Reflections on Arabic and Semitic: Can proto-Semitic case be justified?


From a comparative linguistic perspective the question whether or not proto-Semitic had a functioning case system similar to that in Classical Arabic does not readily yield an unequivocal answer. It is generally agreed that there are Semitic languages or sub-language families for which a proto-case system is plausible, but equally, there are others where such a system did not exist. The issue is, arguably, more interesting for Arabic than for any other Semitic language, since Arabic is a language whose contemporary varieties totally lack morphological case, but whose classical variety had a case system.
In this paper I reiterate arguments I have made before for the indeterminacy of knowing whether proto-Arabic had a case system, embedding it in an expanded comparative look at two Semitic languages, Amorite and Epigraphic (Old) South Arabian. As a spinoff of this comparative discussion one can contemplate ways in which the case system such as described by Sibawaih was instrumentalized out of a system which was not necessarily the system he himself described.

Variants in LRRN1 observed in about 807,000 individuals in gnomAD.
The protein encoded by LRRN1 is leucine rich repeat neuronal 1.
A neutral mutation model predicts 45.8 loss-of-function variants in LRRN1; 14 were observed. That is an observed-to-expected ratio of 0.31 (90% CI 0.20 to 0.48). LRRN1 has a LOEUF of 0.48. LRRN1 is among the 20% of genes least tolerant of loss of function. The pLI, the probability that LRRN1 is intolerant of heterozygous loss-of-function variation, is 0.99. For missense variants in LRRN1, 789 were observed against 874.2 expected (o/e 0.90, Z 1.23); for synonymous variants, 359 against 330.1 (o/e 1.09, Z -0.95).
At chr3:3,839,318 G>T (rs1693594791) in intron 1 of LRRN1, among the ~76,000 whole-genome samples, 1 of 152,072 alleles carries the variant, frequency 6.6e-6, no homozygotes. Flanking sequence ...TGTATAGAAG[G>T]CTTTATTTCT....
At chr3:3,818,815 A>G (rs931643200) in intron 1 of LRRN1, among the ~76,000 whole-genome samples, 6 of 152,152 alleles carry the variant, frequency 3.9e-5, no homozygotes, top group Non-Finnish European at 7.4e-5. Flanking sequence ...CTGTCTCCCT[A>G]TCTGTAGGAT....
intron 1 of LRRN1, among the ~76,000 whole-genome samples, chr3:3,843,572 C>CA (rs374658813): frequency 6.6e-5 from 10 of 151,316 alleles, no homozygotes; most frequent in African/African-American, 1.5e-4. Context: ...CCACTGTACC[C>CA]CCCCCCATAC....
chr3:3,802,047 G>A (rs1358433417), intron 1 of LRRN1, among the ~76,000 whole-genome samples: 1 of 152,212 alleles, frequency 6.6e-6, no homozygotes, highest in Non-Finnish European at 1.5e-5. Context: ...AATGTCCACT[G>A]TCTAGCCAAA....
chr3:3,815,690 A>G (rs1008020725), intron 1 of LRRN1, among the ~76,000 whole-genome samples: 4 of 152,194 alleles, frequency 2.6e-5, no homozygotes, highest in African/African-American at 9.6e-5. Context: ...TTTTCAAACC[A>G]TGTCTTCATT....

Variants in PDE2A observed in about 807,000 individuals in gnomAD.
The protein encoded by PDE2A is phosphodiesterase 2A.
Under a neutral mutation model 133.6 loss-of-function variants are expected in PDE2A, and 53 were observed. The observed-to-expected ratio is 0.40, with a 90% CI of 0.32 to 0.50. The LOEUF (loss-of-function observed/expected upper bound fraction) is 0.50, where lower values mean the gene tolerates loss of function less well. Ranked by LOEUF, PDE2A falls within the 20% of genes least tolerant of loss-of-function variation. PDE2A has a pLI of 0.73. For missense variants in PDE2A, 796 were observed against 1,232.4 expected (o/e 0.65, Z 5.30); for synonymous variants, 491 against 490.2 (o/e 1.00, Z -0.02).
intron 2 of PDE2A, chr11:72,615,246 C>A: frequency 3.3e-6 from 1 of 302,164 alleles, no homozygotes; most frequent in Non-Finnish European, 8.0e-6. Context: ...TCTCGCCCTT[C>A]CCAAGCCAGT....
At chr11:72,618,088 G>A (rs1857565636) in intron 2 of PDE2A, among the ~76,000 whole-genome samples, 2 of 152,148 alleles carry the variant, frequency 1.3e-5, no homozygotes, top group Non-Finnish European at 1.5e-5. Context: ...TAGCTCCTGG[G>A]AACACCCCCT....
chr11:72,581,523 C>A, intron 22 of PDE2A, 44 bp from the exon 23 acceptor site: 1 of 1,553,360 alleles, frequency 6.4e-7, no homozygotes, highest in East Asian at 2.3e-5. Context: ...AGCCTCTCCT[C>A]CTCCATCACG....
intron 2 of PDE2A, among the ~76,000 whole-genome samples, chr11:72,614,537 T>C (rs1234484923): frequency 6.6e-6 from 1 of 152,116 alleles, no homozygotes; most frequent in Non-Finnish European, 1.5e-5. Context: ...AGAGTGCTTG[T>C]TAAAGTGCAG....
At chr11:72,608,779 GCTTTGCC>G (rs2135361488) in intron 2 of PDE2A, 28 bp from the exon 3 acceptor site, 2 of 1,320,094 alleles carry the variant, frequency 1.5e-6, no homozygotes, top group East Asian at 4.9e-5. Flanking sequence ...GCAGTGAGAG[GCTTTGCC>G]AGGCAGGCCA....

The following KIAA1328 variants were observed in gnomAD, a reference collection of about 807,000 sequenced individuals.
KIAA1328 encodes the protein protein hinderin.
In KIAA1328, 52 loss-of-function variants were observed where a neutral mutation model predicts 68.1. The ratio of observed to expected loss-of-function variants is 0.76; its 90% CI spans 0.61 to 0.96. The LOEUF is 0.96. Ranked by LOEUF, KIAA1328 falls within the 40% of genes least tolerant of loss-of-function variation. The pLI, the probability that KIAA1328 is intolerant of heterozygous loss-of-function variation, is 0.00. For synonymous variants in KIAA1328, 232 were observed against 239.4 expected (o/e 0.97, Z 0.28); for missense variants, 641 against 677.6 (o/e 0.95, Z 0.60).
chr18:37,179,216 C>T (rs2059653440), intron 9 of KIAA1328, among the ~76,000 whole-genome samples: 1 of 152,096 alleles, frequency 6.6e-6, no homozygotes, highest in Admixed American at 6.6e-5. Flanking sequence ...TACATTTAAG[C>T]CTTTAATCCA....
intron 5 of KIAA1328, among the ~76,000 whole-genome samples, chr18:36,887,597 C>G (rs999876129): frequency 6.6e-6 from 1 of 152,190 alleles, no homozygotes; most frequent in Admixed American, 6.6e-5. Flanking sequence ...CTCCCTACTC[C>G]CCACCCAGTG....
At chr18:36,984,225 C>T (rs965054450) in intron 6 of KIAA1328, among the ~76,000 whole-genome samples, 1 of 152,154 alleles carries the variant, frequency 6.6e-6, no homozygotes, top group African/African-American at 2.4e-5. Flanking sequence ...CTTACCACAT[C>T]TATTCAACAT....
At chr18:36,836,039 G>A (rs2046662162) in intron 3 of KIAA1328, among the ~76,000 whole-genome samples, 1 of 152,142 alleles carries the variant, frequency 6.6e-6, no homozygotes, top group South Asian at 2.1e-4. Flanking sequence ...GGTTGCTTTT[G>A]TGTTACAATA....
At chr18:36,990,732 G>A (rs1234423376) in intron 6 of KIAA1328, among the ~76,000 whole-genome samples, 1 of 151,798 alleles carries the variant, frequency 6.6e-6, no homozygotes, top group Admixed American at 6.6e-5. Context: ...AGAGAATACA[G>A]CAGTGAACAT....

Giving greater due to comparative linguistic arguments than is customary practice in Semitic studies opens the door to a consideration of a number of important aspects of Arabic linguistic history which have hitherto been neglected.


comparative linguistics; proto-Arabic; Amorite; Epigraphic South Arabian; case system

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